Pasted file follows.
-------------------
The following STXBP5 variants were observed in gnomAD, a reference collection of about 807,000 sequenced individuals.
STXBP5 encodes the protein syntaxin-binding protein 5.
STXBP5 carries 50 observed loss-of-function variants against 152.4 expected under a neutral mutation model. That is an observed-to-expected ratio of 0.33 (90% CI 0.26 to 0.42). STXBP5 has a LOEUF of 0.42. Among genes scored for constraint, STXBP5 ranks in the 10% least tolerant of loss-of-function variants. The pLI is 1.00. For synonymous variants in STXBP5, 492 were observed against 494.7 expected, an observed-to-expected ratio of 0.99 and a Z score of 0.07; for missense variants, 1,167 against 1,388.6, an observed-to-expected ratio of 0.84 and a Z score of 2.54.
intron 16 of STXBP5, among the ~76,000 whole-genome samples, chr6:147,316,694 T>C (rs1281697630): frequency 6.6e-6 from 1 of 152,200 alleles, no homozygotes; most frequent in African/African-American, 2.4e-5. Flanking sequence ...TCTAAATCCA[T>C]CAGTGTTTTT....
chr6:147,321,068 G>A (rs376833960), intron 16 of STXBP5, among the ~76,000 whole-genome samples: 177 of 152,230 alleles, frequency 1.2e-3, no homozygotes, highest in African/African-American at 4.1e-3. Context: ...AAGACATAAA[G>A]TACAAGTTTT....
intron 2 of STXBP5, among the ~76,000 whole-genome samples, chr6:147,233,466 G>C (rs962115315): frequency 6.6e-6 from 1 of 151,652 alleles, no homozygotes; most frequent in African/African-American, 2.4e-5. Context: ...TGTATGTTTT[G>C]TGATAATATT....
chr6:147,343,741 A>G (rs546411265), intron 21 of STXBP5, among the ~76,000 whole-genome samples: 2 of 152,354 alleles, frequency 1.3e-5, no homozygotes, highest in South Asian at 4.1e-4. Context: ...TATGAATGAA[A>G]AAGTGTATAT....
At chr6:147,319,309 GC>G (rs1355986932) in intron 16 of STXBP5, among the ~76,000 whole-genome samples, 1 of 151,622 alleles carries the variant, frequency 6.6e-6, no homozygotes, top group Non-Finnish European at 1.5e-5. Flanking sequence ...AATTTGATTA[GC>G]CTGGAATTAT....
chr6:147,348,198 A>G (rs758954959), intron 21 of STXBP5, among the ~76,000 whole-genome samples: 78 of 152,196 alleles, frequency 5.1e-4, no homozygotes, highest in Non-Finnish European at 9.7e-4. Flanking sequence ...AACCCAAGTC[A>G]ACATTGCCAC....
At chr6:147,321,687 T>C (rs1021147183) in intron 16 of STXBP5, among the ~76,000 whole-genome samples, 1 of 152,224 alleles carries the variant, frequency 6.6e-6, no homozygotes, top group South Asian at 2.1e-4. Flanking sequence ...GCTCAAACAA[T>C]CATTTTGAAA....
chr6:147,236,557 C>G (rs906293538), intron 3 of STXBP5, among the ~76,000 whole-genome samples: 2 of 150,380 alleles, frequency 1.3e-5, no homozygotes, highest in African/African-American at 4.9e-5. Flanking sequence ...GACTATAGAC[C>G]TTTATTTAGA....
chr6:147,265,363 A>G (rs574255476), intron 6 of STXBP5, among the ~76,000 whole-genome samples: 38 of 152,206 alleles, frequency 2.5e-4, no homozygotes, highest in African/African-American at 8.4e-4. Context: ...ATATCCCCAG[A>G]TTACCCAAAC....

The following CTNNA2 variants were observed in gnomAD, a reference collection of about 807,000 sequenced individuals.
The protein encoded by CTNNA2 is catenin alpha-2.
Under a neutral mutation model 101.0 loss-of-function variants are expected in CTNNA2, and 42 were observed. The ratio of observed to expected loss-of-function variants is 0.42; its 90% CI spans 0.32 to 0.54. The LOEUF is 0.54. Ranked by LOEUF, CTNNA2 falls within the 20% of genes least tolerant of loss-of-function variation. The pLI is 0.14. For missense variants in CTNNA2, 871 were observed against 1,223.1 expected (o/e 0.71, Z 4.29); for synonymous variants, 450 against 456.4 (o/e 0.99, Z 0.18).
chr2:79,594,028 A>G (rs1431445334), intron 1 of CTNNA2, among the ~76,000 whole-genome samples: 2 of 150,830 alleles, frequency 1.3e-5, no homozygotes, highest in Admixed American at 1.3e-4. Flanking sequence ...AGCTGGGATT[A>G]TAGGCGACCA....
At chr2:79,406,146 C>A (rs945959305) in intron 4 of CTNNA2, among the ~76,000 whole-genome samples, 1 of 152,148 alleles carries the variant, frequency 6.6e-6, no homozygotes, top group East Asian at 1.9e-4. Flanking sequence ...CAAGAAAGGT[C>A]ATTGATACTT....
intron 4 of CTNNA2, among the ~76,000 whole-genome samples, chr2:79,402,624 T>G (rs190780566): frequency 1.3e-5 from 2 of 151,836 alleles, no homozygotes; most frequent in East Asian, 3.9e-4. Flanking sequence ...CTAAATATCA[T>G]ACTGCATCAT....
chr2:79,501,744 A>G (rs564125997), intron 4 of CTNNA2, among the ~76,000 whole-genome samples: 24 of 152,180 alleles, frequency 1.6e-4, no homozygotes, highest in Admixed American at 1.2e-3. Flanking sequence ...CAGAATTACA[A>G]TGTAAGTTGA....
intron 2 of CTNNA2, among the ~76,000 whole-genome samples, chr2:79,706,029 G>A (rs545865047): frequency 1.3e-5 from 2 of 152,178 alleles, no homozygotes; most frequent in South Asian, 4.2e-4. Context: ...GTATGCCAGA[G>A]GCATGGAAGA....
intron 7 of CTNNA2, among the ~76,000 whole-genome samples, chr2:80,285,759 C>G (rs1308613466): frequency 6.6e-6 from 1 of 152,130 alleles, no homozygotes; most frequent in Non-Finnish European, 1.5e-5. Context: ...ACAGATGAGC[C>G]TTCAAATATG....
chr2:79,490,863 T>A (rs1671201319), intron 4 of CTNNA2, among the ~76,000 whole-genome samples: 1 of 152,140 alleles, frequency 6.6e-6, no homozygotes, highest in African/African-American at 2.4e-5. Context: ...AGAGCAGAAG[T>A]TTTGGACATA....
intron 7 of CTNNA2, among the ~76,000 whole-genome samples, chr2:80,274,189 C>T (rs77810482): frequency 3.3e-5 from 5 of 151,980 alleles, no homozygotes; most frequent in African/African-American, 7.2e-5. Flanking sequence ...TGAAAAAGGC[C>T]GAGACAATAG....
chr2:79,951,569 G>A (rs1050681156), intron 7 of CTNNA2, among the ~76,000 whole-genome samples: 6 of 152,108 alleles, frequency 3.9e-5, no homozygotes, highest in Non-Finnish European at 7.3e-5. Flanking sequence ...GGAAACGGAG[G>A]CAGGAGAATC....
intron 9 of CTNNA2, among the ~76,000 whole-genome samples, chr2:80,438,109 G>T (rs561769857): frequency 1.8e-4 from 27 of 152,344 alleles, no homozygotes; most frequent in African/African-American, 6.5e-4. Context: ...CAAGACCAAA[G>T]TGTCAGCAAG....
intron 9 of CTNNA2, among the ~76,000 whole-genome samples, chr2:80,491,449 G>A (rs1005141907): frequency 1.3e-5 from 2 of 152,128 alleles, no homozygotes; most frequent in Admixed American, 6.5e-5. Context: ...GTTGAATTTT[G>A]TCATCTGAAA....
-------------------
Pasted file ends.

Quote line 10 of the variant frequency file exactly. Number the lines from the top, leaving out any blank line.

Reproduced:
At chr6:147,321,687 T>C (rs1021147183) in intron 16 of STXBP5, among the ~76,000 whole-genome samples, 1 of 152,224 alleles carries the variant, frequency 6.6e-6, no homozygotes, top group South Asian at 2.1e-4. Flanking sequence ...GCTCAAACAA[T>C]CATTTTGAAA....